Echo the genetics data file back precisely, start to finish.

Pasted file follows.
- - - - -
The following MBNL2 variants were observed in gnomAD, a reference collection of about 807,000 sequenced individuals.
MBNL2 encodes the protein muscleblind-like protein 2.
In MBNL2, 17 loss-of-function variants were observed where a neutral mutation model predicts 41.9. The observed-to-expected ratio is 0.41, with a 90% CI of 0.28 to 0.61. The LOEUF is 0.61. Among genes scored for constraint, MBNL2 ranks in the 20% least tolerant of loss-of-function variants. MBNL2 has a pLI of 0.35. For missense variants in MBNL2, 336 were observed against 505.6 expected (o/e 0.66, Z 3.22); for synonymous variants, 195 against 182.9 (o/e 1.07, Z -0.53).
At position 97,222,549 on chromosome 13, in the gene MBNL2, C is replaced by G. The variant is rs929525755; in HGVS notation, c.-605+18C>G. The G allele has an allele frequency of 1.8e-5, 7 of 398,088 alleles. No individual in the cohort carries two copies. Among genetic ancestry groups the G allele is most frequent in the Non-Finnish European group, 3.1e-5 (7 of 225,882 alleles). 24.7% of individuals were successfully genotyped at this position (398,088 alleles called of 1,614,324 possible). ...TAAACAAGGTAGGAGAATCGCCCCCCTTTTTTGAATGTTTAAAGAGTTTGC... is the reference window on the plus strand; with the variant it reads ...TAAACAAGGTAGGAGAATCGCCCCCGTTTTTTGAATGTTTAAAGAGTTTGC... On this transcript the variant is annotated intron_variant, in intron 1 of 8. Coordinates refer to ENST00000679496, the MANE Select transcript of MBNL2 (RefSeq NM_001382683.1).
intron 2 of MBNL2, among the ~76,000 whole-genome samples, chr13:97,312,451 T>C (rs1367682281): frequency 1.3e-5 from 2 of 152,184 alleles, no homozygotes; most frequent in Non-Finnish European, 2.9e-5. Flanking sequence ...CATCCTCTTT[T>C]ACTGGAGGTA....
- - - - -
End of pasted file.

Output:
The following MBNL2 variants were observed in gnomAD, a reference collection of about 807,000 sequenced individuals.
MBNL2 encodes the protein muscleblind-like protein 2.
In MBNL2, 17 loss-of-function variants were observed where a neutral mutation model predicts 41.9. The observed-to-expected ratio is 0.41, with a 90% CI of 0.28 to 0.61. The LOEUF is 0.61. Among genes scored for constraint, MBNL2 ranks in the 20% least tolerant of loss-of-function variants. MBNL2 has a pLI of 0.35. For missense variants in MBNL2, 336 were observed against 505.6 expected (o/e 0.66, Z 3.22); for synonymous variants, 195 against 182.9 (o/e 1.07, Z -0.53).
At position 97,222,549 on chromosome 13, in the gene MBNL2, C is replaced by G. The variant is rs929525755; in HGVS notation, c.-605+18C>G. The G allele has an allele frequency of 1.8e-5, 7 of 398,088 alleles. No individual in the cohort carries two copies. Among genetic ancestry groups the G allele is most frequent in the Non-Finnish European group, 3.1e-5 (7 of 225,882 alleles). 24.7% of individuals were successfully genotyped at this position (398,088 alleles called of 1,614,324 possible). ...TAAACAAGGTAGGAGAATCGCCCCCCTTTTTTGAATGTTTAAAGAGTTTGC... is the reference window on the plus strand; with the variant it reads ...TAAACAAGGTAGGAGAATCGCCCCCGTTTTTTGAATGTTTAAAGAGTTTGC... On this transcript the variant is annotated intron_variant, in intron 1 of 8. Coordinates refer to ENST00000679496, the MANE Select transcript of MBNL2 (RefSeq NM_001382683.1).
intron 2 of MBNL2, among the ~76,000 whole-genome samples, chr13:97,312,451 T>C (rs1367682281): frequency 1.3e-5 from 2 of 152,184 alleles, no homozygotes; most frequent in Non-Finnish European, 2.9e-5. Flanking sequence ...CATCCTCTTT[T>C]ACTGGAGGTA....